MIAMI -- Many assumed Giancarlo Stanton would be the last Miami player to benefit from the organization's decision to move the center-field fences in at Marlins Park. Turns out, the All-Star slugger was the first.
Stanton home runs are typically no-doubters. But if the walls weren't altered, the drive he hit to right-center off Tanner Roark in the fifth inning of Monday's 6-1 win over the Nationals would not have been out.
Marlins Park adjusted from the 392-marker at the edge of the Marlins' bullpen in right field all the way to the base of the home run sculpture in center. Stanton sent the ball into the plants that rest a few feet from the original wall.
In center field, the distance is 407 feet, after being 418 in the first four seasons at Marlins Park.
"It will come in handy throughout the season, for sure," Stanton said. "I didn't know it would come this quickly, but, like I've said, you hit a ball like that, a 430-foot double off the top of the wall, it's not as nice."
Stanton's "wall scraper" was anything but a cheap home run. Statcast™ projected the shot traveled 414 feet from home plate with an exit velocity of 110 mph.
"This is a big field, still," manager Don Mattingly said. "Center field is still big. You've got to hit it. It's obviously a little shorter in certain spots."
Along with moving in the fences in center, certain sections of the wall in left and right field were lowered from 11 1/2 feet to between 6 1/2 and 7 1/2 feet.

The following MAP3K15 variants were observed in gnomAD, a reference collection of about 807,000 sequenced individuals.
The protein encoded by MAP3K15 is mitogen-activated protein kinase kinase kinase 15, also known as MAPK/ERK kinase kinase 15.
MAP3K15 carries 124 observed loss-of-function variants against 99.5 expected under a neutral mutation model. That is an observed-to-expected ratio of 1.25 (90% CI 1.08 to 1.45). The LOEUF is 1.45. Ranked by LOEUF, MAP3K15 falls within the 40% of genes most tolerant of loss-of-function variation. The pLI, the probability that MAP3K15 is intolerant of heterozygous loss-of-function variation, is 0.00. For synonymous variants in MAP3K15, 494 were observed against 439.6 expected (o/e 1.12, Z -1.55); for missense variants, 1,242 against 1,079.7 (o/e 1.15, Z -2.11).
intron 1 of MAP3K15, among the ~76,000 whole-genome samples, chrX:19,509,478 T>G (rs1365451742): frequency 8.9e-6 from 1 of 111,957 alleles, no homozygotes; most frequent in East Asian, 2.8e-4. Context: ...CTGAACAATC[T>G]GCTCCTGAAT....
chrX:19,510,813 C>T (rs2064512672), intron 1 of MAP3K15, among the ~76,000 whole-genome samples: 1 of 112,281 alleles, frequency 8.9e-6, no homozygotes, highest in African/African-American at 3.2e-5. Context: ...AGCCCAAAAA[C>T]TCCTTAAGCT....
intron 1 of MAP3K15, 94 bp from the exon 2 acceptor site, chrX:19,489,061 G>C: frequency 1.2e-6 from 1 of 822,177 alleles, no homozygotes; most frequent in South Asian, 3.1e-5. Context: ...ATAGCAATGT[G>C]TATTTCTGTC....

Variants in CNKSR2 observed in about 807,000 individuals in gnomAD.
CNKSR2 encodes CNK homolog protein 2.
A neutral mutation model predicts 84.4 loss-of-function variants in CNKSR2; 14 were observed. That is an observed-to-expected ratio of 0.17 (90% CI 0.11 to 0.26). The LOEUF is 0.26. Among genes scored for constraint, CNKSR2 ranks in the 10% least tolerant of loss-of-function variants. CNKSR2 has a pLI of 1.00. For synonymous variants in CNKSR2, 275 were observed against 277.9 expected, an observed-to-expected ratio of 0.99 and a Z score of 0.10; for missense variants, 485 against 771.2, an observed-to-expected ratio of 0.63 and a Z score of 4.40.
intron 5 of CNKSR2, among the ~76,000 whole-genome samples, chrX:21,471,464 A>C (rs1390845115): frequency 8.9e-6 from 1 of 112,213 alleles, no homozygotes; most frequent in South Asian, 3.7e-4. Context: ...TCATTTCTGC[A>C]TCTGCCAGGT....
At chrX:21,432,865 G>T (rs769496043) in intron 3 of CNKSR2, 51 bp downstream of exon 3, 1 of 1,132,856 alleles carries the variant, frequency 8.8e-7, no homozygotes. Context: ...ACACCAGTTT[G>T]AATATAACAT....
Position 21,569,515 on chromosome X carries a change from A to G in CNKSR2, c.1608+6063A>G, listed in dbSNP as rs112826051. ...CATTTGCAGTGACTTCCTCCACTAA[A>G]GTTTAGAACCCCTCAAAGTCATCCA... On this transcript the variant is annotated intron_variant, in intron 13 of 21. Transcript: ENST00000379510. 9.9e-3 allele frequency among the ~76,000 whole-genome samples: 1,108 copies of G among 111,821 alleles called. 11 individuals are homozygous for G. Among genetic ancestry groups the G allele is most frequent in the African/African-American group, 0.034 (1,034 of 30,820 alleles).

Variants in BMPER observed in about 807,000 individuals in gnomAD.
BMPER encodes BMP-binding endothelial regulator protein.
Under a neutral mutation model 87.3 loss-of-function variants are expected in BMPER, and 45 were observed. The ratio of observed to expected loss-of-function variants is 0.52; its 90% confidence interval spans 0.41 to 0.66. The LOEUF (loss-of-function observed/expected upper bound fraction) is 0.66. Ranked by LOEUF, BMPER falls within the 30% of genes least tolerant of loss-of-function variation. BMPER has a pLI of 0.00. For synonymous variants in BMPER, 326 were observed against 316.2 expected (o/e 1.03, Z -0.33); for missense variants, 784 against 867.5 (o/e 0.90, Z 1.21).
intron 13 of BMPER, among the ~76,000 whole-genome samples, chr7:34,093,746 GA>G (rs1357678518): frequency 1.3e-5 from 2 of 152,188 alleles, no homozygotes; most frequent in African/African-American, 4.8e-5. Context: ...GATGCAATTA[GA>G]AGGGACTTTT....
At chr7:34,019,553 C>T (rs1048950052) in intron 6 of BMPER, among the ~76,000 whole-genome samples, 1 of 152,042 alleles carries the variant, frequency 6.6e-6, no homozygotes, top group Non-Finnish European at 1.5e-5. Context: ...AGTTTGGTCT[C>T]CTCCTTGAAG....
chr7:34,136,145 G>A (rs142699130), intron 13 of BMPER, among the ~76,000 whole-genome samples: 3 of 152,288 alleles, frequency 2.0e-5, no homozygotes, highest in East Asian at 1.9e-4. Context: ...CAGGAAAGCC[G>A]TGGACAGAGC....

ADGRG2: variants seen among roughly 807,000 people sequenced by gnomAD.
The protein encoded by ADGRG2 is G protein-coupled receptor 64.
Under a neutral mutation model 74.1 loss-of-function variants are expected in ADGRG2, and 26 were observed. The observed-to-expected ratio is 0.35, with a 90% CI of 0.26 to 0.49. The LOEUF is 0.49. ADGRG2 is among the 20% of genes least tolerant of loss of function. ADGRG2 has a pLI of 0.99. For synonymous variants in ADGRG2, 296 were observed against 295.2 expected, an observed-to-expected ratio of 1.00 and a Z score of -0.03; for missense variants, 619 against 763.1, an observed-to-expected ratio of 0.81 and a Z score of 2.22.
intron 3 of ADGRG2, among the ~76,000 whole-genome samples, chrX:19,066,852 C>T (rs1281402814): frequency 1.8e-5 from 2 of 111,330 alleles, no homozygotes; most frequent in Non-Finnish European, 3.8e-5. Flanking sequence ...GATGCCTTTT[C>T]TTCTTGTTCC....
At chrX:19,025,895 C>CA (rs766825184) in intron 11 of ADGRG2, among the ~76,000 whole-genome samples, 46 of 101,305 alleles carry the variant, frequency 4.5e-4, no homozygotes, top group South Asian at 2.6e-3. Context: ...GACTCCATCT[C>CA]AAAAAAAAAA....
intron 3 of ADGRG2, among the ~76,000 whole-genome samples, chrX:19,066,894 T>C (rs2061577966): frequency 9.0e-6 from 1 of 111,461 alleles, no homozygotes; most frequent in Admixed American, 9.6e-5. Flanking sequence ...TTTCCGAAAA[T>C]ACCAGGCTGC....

Stanton isn't the only player to benefit from the changes. He just happens to be the first in a regular-season game.
In Miami's exhibition against the Yankees before Opening Day, New York's Jacoby Ellsbury hit a ball in a similar area as Stanton's shot.
"It's going to be interesting, because there a couple of balls that can be tricky, not knowing if they're homers or not," Mattingly said. "Again, I think it's fair. If you hit it, you've got to hit it. Once this thing is in place for a few months, nobody is going to think of anything different."
Joe Frisaro is a reporter for MLB.com. He writes a blog, called The Fish Pond. Follow him on Twitter @JoeFrisaro and listen to his podcast. This story was not subject to the approval of Major League Baseball or its clubs.